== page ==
“Need information on the European nightcrawler, and how to build a home for up to twenty five pounds of worms.” ~ Jeff Hacker
The European Nightcrawler (also known as the Belgian Nightcrawler) is a worm that has gained a lot of popularity in North America over the years. Like its close relative the Red Wiggler (Eisenia fetida), the ‘Euro’ can be used to process organic wastes (although some would argue not quite as efficiently), but it is a larger-bodied worm – therefore better suited (than E. fetida) for use as a bait worm.
As such, most of the interest comes from those in the bait industry (and those aspiring to be bait farmers). Unlike the Canadian Nightcrawler (aka Dew Worm) – the most popular bait worm in North America – Euros are much more tolerant of warm conditions and tend to fit on the hook better since they are somewhat smaller in size.
There are currently two widely used (and acceptable) scientific names for this species – Eisenia hortensis and Dendrobaena veneta (the former name being the newer of the two). In Europe (particularly UK), the D. veneta name seems to be used almost exclusively, while E. hortensis tends to be used more in North America.
Although relatively easy to raise, Eisenia hortensis seems to have a rather low reproductive rate and slow maturation according to the academic literature (Edwards, 1988; Viljoen et al., 1992 – among others). In general it is thought to be somewhat less effective for use in waste management applications than some of the other composting worms.
It seems some worm farmers disagree with the academic findings, claiming E. hortensis has comparable reproduction and maturation rates to that of E. fetida. In an interesting Worm Digest article (cited below), Kelly Slocum discusses this disconnect between the scientific research and some of the claims made by worm farmers.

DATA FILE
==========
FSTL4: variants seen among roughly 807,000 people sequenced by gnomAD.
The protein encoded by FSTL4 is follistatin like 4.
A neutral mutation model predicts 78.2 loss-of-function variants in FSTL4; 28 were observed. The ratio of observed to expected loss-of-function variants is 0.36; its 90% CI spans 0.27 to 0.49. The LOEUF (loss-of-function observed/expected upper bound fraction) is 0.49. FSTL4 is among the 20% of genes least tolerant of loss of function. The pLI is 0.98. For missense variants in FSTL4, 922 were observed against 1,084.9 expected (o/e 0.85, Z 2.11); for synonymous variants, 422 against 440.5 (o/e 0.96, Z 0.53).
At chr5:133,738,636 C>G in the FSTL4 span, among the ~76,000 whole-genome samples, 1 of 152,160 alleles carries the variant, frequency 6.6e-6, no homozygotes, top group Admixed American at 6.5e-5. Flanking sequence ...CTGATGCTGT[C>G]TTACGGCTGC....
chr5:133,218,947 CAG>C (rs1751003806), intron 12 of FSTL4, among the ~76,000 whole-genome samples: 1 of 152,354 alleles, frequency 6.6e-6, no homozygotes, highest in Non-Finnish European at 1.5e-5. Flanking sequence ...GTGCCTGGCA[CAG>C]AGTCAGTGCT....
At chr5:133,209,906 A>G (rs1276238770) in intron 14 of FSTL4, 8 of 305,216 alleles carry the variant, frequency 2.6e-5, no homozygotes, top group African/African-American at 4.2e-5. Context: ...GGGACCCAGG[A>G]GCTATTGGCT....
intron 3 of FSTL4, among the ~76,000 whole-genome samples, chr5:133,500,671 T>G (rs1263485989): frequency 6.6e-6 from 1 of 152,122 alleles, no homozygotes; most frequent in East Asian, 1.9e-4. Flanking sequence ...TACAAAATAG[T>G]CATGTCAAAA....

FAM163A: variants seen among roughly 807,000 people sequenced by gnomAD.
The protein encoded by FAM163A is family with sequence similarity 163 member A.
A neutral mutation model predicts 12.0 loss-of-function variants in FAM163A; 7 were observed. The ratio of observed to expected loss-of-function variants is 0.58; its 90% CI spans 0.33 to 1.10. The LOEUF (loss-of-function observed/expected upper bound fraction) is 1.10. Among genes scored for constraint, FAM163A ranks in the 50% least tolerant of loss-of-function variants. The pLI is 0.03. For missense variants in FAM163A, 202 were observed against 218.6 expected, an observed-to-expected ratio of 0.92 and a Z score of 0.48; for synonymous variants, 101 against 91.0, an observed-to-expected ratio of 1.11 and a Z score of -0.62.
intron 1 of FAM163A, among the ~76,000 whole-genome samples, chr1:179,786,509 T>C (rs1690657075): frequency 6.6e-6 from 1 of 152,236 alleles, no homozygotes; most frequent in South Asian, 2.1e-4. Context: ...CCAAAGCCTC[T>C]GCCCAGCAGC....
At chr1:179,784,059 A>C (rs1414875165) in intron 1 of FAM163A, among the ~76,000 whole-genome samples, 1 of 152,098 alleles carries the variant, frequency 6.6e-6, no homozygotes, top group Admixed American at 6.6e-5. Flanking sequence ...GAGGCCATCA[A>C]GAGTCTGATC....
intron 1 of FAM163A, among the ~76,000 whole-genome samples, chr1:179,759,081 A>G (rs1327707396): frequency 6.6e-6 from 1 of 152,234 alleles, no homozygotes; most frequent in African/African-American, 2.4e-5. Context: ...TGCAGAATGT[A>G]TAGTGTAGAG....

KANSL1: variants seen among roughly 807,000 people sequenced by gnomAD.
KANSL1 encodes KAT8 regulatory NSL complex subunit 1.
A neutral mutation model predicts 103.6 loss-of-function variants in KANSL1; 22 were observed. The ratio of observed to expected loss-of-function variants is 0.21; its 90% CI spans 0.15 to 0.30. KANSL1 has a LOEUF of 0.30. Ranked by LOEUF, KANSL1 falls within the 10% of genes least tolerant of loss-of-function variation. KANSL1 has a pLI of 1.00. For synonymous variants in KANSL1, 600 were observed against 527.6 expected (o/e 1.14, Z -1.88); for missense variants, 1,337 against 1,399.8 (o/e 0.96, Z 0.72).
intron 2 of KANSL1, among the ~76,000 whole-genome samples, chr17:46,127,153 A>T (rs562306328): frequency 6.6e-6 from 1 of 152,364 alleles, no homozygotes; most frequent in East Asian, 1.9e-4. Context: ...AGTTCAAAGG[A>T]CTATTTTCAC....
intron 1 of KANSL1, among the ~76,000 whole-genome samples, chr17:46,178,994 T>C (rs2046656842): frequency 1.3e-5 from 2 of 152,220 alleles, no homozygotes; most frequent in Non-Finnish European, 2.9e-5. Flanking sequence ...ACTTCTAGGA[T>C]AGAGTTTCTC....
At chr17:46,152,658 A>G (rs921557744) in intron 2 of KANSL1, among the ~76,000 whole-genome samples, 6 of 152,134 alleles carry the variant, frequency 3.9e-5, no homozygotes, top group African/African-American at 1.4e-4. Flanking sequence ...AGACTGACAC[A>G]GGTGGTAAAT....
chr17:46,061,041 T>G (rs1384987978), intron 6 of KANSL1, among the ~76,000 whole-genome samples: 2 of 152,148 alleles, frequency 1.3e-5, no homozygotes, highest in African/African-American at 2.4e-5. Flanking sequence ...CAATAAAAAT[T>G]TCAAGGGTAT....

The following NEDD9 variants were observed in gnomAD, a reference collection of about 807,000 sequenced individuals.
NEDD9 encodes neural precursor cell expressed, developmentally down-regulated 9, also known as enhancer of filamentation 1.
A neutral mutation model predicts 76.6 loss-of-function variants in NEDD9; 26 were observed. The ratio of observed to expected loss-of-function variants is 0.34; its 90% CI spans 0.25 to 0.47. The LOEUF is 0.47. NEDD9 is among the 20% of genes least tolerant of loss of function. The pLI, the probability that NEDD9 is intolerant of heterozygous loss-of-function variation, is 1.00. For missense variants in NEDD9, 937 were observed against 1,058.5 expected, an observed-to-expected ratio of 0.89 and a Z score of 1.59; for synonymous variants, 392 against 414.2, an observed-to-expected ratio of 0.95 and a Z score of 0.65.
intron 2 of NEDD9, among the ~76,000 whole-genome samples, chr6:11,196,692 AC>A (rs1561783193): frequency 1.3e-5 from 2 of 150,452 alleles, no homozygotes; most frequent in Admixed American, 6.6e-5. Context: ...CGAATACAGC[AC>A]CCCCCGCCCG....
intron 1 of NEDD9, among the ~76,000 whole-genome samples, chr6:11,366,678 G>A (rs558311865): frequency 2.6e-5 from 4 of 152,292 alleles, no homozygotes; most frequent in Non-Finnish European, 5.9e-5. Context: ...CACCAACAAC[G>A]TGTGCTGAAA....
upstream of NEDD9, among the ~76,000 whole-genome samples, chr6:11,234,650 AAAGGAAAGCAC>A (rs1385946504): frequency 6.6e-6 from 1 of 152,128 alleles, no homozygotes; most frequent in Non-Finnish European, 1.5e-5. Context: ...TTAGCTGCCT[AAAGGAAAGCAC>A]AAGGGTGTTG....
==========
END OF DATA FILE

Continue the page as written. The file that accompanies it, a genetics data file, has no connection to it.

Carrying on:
She suggests that part of the reason stems from the fact that many farmers likely have mixed cultures of these two species – which generally leads to a far greater abundance of E. fetida over time.
As such, it is recommended that you buy your European Nightcrawlers only from highly reputable dealers, and if you are planning to sell them yourself be sure not to mix them with E. fetida.
On to your next part of your question…
Many people recommend using the “1lb per sq ft of bin surface area” formula when deciding how many worms to add to a system, or (as in your case) deciding how big to build a bin for a given quantity of worms. If we were to use this formula, a bin approximately 8.5 x 3ft (or 6.25 x 4ft etc) with a depth of 2 to 3 ft would do the job.
I personally prefer to let my worm population grow into a system, and thus would actually recommend a stocking density of 1/2 lb per sq ft or even less (if you are patient enough). It almost always takes some time for worms to get used to a new system so it’s better to give them a little more space initially. If conditions are ideal the population will then expand rapidly to take advantage of the available resources.
As I’ve mentioned in other newsletters, it also really helps if you get the bin ready for the arrival of your worms before adding them. Mix in ample amounts of aged manure or food scraps with your bedding, add some water and let the system sit for a good week or two. This way there will be a very well established microbial community (food for the worms) and moisture levels should be well balanced throughout the bin.
Unfortunately, getting into the specifics of actually building a worm bin is beyond the scope of this response, but you should be able to find plenty of info online.